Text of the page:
Scientists have long held the prevailing view that during HIV infection the depletion of T cells is the result of direct HIV virus–mediated killing. In the September 15 issue of the Journal of Clinical Investigation, Marc Hellerstein and colleagues at the University of California in Berkeley report that it is the chronic activation of the host immune system in response to HIV infection that primarily contributes to T cell loss.
A series of influential studies published in the mid-1990s described the rapid decay of viral load following administration of highly active antiretroviral therapy (HAART), and proposed that HIV infection was associated with a high rate of virus turnover and short lifespan of infected cells. This suggested that HIV infection of susceptible CD4+ T cells led to such high rates of cell death, that compensatory T cell proliferation was inadequate to maintain sufficient T cell numbers and therefore compromised the ability of the immune system to fight the virus.
This view was recently challenged by observations that not only were virus-infected cells dying, but a greater number of uninfected bystander T cells underwent programmed cell death that was not a direct result of HIV infection. Therefore, a new theory has been proposed in which high levels of T cell proliferation reflects a state of chronic immune activation following HIV infection as opposed to simple compensatory proliferation.
Biofilm discovery suggests new way to prevent dangerous infections
23.05.2017 | University of Texas at Austin
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19.05.2017 | University of North Carolina Health Care
An international team of physicists has monitored the scattering behaviour of electrons in a non-conducting material in real-time. Their insights could be beneficial for radiotherapy.
We can refer to electrons in non-conducting materials as ‘sluggish’. Typically, they remain fixed in a location, deep inside an atomic composite. It is hence...
Two-dimensional magnetic structures are regarded as a promising material for new types of data storage, since the magnetic properties of individual molecular building blocks can be investigated and modified. For the first time, researchers have now produced a wafer-thin ferrimagnet, in which molecules with different magnetic centers arrange themselves on a gold surface to form a checkerboard pattern. Scientists at the Swiss Nanoscience Institute at the University of Basel and the Paul Scherrer Institute published their findings in the journal Nature Communications.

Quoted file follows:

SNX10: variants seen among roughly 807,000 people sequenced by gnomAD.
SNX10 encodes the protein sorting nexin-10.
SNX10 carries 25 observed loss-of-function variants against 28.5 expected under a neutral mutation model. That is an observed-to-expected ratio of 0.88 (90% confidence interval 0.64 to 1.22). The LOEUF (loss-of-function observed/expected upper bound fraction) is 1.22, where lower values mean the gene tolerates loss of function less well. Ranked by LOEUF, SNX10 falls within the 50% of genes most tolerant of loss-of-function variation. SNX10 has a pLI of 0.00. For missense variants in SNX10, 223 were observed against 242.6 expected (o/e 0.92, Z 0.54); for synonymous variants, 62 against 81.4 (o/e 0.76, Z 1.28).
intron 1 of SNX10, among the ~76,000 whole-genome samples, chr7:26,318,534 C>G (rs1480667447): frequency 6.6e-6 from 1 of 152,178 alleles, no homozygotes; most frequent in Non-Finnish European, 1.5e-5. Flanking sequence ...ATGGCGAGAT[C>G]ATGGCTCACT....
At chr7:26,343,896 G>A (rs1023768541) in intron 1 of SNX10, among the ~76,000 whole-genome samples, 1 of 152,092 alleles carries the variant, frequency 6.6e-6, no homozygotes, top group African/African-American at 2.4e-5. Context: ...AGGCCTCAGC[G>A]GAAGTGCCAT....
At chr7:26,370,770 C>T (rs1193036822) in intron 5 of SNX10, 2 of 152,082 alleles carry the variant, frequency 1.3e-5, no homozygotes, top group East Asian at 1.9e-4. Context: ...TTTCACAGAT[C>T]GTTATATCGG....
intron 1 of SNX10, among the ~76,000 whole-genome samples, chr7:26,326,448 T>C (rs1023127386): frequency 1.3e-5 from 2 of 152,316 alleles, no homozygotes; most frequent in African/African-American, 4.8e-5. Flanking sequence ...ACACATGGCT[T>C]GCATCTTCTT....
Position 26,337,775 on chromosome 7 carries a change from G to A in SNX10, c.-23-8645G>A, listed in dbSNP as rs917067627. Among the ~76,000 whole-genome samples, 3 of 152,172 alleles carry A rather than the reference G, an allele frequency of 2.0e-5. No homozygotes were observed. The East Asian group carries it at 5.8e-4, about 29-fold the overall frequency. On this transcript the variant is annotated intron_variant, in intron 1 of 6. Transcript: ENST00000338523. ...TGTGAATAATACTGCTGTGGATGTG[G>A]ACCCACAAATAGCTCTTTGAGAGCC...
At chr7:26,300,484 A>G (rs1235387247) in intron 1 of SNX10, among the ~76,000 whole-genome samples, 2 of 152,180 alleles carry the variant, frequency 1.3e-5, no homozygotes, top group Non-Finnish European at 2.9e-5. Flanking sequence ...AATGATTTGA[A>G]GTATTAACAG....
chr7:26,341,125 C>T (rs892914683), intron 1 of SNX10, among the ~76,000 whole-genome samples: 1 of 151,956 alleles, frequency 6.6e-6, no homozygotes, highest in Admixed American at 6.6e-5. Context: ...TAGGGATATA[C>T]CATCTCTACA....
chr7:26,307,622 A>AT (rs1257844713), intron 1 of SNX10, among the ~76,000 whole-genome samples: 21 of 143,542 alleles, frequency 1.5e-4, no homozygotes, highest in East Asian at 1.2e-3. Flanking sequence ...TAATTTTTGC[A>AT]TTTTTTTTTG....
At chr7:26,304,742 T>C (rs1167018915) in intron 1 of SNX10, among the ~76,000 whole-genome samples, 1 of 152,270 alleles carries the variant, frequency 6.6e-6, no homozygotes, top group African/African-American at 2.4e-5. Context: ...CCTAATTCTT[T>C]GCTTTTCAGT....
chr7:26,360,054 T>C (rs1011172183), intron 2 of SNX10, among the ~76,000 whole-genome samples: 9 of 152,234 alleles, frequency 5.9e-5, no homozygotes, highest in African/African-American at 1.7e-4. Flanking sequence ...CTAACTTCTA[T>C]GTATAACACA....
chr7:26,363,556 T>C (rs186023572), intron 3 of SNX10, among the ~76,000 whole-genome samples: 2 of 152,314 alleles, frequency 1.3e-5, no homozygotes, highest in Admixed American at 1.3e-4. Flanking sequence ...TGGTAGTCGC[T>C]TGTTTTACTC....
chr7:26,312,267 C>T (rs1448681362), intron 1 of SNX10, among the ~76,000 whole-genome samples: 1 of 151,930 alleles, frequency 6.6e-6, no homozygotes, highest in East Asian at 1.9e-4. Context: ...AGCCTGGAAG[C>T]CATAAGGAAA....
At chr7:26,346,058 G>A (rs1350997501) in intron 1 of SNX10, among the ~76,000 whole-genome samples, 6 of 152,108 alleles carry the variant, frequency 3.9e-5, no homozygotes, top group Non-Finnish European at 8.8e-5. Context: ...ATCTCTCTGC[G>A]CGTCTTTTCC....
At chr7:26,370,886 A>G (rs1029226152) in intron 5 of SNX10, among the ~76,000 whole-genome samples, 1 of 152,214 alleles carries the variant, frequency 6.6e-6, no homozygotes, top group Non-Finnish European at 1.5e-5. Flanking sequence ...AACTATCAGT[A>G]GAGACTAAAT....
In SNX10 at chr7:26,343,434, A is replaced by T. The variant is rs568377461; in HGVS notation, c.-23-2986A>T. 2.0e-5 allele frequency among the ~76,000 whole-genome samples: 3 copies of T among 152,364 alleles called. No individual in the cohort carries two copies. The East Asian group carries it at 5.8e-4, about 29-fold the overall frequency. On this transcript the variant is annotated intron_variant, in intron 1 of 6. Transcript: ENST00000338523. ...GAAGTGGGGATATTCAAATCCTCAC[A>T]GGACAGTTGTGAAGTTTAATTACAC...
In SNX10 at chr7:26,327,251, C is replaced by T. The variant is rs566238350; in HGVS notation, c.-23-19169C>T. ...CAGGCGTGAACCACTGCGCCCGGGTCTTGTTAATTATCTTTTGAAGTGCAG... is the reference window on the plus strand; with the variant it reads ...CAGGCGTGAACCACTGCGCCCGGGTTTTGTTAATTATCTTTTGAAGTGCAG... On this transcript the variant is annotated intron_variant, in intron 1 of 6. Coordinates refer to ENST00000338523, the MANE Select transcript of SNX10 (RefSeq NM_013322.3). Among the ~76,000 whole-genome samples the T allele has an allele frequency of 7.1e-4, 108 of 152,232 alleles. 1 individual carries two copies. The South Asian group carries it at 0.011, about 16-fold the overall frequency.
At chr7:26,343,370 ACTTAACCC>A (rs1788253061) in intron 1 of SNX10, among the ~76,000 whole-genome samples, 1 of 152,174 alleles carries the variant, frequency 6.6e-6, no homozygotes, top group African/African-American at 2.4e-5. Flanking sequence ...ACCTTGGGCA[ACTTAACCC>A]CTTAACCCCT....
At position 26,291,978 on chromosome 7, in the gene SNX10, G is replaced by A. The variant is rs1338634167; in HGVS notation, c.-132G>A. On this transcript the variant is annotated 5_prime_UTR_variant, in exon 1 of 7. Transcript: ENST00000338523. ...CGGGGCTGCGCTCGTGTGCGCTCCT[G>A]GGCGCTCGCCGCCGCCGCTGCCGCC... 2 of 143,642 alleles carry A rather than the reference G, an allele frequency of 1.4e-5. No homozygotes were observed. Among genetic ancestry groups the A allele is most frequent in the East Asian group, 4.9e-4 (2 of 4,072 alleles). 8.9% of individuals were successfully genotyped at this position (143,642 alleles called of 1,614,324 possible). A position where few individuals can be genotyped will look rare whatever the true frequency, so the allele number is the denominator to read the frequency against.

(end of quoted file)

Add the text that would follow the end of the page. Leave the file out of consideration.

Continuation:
Ferrimagnets are composed of two centers which are magnetized at different strengths and point in opposing directions. Two-dimensional, quasi-flat ferrimagnets...
An Australian-Chinese research team has created the world's thinnest hologram, paving the way towards the integration of 3D holography into everyday...
In the race to produce a quantum computer, a number of projects are seeking a way to create quantum bits -- or qubits -- that are stable, meaning they are not much affected by changes in their environment. This normally needs highly nonlinear non-dissipative elements capable of functioning at very low temperatures.
In pursuit of this goal, researchers at EPFL's Laboratory of Photonics and Quantum Measurements LPQM (STI/SB), have investigated a nonlinear graphene-based...
Dental plaque and the viscous brown slime in drainpipes are two familiar examples of bacterial biofilms. Removing such bacterial depositions from surfaces is...
23.05.2017 | Event News
22.05.2017 | Event News
17.05.2017 | Event News
23.05.2017 | Physics and Astronomy
23.05.2017 | Life Sciences
23.05.2017 | Medical Engineering